It was on a November evening, as autumnal as it can get in Paris, at l’Espace Femmes — Antoinette Fouque.
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The Alliance des Femmes (Women’s Alliance) and the French representatives of PEN International had extended an invitation for an evening of bilingual readings, in support for persecuted authors. It was the second such event. We were there in November 2018 also, and with good reason…
Artist, author and journalist Zehra Doğan was still imprisonned at the time. Her “escaped” works were already circulating in Europe, in the care of the Kedistan Association that was thus contributing to a solidarity campaign for the artist. PEN International had placed her on its “list”, a list that “hoped to be transformed into a list of names of people whose liberation would be celebrated.”
Just as the beating of a butterfly’s wings can produce a displacement of air at the other end of the world, the evening in 2018 led to the publication of Zehra Doğan’s book “Nous aurons aussi de beaux jours”, prison writings by Editions des femmes and this exhibition of over fifty of her works, scenographed by Philippe Leduc, the setting for this evening dedicated to “Endangered Writers”. This time, Zehra was on hand, following her release in February 2019.
Some will object “oh, all those useless days and evenings held in select groups of cognoscenti.”
The answer to that comes from those who were liberated and who say: “You cannot imagine how the thought that somewhere someone was reading my words, the thought that solidarity was expressed for those words that were reaching you, helped me to endure being shut up in jails, and encouraged me to fight on.”
If no one talks about a political prisoner, persecuted for her freedom of expression, her art, her writing or her fights against obscurantism and dictatorships, if such a prisoner is forgotten, she sees her resistance becoming useless and her jailors can increase the violence against her. If, at a minimum, these evenings serve some purpose, that is the one. And that is already a lot in terms of a struggle against resignation.
Such evenings serve to pay tribute to resistance, to support the prisoners, to make their condition known and from word of mouth or through their writings, to let the persecutors know that human consciences are keeping watch against their crimes.
And each liberation is a victory.
• That of Aslı Erdoğan, still under trial in Turkey despite her exile and currently the victim of an ignoble media campaign, was an event celebrated at the end of 2016 by all her supporters, PEN International among them. This latest evening also paid her tribute since her health did not allow her to be on hand. Zehra Dogan read one of Asli’s texts with great feeling: “The journal of fascism: Today”. This text appears in the prosecutor’s indictment against her.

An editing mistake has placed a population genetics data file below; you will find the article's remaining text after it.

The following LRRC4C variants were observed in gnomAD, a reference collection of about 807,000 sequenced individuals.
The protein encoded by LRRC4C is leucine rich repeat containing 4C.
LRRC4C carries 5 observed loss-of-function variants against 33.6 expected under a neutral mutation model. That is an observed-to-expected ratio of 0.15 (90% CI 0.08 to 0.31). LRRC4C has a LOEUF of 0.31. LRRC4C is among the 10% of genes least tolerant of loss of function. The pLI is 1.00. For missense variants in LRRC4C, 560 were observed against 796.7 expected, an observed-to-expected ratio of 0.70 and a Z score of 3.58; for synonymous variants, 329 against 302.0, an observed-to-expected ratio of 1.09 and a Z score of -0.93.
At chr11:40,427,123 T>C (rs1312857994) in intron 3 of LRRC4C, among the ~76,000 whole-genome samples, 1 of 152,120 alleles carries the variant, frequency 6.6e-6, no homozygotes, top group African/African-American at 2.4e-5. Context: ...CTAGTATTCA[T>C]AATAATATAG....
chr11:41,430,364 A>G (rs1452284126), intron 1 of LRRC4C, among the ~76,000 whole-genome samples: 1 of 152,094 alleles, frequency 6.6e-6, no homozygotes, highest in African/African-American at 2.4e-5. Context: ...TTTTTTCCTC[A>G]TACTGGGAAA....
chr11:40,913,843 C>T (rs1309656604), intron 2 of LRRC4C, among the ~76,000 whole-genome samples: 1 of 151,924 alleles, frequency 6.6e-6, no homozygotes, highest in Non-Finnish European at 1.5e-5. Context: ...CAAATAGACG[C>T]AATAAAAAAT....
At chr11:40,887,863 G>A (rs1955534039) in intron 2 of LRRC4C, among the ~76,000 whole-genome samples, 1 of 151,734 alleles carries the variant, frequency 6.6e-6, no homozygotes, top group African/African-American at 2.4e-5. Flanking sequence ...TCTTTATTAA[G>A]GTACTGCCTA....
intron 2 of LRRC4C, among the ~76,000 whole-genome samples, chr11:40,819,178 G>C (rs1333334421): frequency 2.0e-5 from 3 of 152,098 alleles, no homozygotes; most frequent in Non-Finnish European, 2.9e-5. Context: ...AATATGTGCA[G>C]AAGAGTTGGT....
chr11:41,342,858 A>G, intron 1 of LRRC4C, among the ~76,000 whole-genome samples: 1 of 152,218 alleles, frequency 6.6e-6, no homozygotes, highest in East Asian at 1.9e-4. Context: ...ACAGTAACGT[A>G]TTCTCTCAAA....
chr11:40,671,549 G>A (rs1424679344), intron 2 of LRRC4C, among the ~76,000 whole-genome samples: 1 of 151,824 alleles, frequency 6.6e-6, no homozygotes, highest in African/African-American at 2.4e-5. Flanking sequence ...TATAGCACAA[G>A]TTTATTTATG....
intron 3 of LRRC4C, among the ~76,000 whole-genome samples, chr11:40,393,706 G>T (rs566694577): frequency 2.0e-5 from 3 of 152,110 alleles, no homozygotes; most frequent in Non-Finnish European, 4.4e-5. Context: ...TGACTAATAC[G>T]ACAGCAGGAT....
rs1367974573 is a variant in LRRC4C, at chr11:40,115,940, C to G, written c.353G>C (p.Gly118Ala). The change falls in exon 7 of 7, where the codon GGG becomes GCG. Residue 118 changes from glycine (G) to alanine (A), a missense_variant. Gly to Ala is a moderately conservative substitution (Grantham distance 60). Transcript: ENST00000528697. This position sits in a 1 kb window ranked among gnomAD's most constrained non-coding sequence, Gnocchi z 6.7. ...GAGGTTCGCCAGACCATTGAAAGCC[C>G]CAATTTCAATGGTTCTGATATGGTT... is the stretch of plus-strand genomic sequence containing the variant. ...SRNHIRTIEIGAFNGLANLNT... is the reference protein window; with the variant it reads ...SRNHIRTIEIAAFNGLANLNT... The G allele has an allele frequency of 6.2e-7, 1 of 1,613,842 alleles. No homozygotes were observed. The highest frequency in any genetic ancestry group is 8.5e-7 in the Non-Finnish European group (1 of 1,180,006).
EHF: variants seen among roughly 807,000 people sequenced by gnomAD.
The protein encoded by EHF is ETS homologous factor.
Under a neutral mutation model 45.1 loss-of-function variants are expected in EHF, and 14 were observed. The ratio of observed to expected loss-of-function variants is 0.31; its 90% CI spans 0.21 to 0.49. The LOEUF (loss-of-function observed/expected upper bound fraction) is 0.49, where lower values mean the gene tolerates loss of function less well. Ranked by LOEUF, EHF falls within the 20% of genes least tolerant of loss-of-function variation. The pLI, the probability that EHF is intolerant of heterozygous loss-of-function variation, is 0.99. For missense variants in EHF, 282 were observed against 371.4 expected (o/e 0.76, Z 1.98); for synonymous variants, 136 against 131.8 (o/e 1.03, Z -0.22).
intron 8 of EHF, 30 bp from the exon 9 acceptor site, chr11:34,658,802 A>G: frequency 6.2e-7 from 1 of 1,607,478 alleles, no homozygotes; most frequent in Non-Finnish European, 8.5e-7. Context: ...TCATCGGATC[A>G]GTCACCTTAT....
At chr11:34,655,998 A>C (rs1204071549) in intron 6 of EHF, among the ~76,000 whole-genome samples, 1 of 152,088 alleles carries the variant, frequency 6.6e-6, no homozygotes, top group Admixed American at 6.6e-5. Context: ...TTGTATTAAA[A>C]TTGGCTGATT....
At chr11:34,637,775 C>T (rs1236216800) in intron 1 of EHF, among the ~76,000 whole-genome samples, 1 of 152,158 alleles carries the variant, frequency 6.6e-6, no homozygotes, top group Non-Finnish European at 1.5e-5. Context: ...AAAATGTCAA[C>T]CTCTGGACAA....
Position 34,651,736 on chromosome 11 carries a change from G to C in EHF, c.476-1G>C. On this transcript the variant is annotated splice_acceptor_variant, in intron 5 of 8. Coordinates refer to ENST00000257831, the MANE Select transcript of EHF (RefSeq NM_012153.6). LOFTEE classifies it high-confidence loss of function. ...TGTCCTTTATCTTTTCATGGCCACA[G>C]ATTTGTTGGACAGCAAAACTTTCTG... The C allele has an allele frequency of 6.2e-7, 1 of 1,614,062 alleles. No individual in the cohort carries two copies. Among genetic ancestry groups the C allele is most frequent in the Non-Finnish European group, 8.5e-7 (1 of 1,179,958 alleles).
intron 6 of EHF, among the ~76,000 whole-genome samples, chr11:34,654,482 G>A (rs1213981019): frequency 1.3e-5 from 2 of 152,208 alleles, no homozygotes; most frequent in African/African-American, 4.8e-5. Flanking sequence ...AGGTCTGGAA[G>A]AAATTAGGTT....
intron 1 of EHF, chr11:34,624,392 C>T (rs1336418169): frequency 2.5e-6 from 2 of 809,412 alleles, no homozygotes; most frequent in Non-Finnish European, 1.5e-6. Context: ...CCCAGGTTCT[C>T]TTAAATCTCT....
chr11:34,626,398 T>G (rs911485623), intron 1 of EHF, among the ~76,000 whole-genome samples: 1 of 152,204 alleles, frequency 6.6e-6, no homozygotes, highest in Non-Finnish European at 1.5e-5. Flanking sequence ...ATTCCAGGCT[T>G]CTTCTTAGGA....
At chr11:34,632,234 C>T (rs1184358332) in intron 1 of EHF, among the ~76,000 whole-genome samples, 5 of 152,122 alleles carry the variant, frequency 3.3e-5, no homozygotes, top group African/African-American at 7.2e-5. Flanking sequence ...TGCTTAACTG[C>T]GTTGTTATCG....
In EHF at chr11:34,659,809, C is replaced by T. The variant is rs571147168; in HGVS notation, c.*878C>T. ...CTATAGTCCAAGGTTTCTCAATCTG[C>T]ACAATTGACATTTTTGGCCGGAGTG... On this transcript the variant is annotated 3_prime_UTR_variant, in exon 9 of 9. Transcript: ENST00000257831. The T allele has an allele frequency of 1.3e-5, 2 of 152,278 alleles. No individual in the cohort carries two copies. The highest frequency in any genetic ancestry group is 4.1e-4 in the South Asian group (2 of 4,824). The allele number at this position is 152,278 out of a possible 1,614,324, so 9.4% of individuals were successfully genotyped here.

• That of Zehra Doğan for whom this November 15 was the opportunity to celebrate and to appreciate her liberation while knowing that she now carries the torch for others arrested since or still in jail, in order to bring light on their situation also.
An empty chair and a portrait symbolized the absence of Stella Nyanzi, an Ugandan resistor, an anthropologist, Ph.d., feminist, defendor of LGBTI rights, currently in jail.
During these November evenings, the format calls for the reading of texts, all more poignant the one than the other by poets, authors and people from the artistic community. These texts gave rise to powerful readings, while one woman now in France provided information that calls into question ready-made ideas about persecuted peoples, ideas that China and others, spread like a smokescreen over the oppression and ongoing cultural genocides — if not more. Soon we will open Kedistan’s pages to the one who did such a fine job of defending the cause of peoples on whom false claims of religious indoctrination are used as cover-ups for their confinement.
The evening concluded with a multiple-voice reading of Eluard’s “Liberté” in as many languages as possible, thanks to the foreign language speakers on hand. The text was accompanied at the piano by Emmanuel Bigot, an actor also present on this November evening.
That an intellectual, a personality in the world of art, an author, in short, what is often referred to as a member of the elite, who instead of swearing allegiance to a flag or making an ostensible show of signing prestigious petitions puts his or her notoriety at the service of human solidarity, without expecting anything other in return except the satisfaction of a liberation has become such a rare occurrence. More’s the reason to mention it with a warm salutation.